"It's logical from the point of view of the defence because the more someone talks, the more they could incriminate themselves.
"But, from my point of view the fundamental thing about this trial is not the declarations of the accused, but all the witness statements, all the evidence gathered by the police, the DNA, fingerprints, the analysis of the explosives."
Three years after the attacks, there is still a lot of controversy over the evidence.
Unlike the attacks on London and New York, in some ways, the Madrid's bombings divided rather united the people.
General elections came three days after the bombs. Many Spaniards directly linked the bombings to Spain's support of the war in Iraq.
That, combined with the way the Popular Party was perceived to be deliberately misleading the people by insisting that ETA was the culprit, are thought to be vital reasons behind their election loss.
To this day, the Popular Party continues to insist that ETA could have been involved in the attacks.
Presiding judge Javier Gomez Bermudez has digital technology at his fingertips
Gustavo de Aristegui, a Popular Party spokesperson says the local cell of Islamic militants blamed by the authorities for Spain's worst ever peace-time bombing, could not have carried out such a well planned attack by themselves.
But according to the judicial investigation into the attacks - and the Spanish and European intelligence services, there is no evidence to suggest an ETA link.
Angel Salgado was on one of the trains that exploded and says the allegation by some sections of the media and the conservative Popular Party of a possible ETA link is just political games.
But one survey show that about 30% of Spaniards still think it is possible ETA had something to do with the attacks.
That contradicts the findings of a Spanish judge.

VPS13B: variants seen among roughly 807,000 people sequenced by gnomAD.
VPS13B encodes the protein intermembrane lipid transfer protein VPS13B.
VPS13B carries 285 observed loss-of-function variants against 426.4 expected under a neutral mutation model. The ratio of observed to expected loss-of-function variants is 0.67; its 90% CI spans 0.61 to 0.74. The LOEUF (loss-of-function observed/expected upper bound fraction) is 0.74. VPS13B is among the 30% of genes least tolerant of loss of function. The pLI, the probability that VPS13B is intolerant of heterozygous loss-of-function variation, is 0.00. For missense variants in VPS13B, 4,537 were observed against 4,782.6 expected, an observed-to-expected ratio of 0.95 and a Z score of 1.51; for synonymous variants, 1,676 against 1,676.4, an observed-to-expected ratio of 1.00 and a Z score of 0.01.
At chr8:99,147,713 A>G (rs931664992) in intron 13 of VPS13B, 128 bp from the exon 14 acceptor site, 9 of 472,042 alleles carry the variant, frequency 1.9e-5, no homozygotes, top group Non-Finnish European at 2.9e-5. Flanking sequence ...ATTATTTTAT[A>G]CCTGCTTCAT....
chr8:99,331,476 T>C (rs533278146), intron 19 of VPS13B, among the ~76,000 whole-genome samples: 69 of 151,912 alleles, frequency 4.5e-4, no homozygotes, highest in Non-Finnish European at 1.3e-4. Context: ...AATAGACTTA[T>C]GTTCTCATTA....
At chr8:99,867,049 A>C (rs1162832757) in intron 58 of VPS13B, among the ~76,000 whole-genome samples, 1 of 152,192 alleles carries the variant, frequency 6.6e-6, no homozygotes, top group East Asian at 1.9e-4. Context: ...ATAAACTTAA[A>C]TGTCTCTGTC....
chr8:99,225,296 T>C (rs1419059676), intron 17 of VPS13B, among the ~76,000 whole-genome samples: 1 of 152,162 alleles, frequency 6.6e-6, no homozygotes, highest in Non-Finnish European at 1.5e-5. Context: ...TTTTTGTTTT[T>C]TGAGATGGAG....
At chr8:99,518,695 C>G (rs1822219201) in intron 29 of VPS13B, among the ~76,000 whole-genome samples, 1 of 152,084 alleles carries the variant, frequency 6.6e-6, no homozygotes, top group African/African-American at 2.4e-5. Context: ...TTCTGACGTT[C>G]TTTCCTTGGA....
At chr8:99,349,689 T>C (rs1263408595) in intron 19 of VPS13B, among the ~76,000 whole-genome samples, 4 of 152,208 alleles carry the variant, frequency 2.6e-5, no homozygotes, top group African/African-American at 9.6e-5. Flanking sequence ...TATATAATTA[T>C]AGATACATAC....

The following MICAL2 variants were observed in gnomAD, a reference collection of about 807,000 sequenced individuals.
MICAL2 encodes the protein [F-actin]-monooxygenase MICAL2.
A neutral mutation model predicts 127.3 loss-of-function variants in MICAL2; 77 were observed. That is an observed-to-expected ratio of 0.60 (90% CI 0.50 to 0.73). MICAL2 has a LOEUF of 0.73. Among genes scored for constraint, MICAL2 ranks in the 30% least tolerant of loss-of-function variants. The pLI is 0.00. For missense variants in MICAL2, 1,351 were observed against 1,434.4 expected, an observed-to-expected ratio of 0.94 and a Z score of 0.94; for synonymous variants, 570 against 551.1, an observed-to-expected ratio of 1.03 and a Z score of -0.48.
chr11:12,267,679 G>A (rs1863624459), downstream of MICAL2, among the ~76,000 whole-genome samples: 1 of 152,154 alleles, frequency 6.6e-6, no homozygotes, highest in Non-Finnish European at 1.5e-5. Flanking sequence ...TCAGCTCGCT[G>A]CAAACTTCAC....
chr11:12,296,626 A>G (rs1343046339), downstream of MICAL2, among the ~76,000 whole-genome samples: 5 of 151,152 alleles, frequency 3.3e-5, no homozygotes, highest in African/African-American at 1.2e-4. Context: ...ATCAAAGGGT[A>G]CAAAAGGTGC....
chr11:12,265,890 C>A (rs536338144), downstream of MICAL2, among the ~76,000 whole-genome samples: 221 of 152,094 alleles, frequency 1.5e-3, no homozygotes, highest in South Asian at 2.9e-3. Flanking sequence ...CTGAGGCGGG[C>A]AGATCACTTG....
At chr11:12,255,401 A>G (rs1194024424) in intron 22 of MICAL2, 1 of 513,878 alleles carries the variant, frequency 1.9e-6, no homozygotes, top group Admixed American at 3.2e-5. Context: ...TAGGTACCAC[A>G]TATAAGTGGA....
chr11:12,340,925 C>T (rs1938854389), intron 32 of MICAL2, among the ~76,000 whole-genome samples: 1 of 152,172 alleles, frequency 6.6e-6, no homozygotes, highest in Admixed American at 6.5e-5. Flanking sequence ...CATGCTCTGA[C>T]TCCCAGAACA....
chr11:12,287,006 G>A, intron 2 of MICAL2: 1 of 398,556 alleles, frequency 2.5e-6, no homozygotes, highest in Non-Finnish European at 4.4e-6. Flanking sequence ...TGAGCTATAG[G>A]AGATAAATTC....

This trial is the result of a two-year investigation by Judge Juan del Olmo.
In April 2006 he concluded that the bomb attacks were the work of a local cell of Islamic militants with links to the Moroccan Islamic Combatant Group and inspired, rather than directed by, al-Qaeda.
Del Olmo said Spain's support of the war in Iraq encouraged these alleged militants to carry out their attack.
He also found was no evidence suggesting an ETA link in the bombings and for that reason, stopped investigating that possibility.
'Justice must be done'
But ironically, calling off the ETA line of inquiry, has only made the doubters think there could be something to hide.
What appear to be police mistakes - that many experts explain as errors made during the chaos of the immediate bombing aftermath - have also contributed to what many Spaniards see as conspiracy theories surrounding the bombings.
A backpack that was recovered with unexploded bombs appears to have temporarily gone missing.
According to sections of the Spanish media, some police reports say the explosives used in the attacks contained the same substance as bombs used by ETA.
That was discounted by the judicial investigation. But the doubters continue to doubt.
Jose Maria, an old man who lost a close family member in the bombings, only wants one thing: "I don't know if justice will be done but that's all I ask for."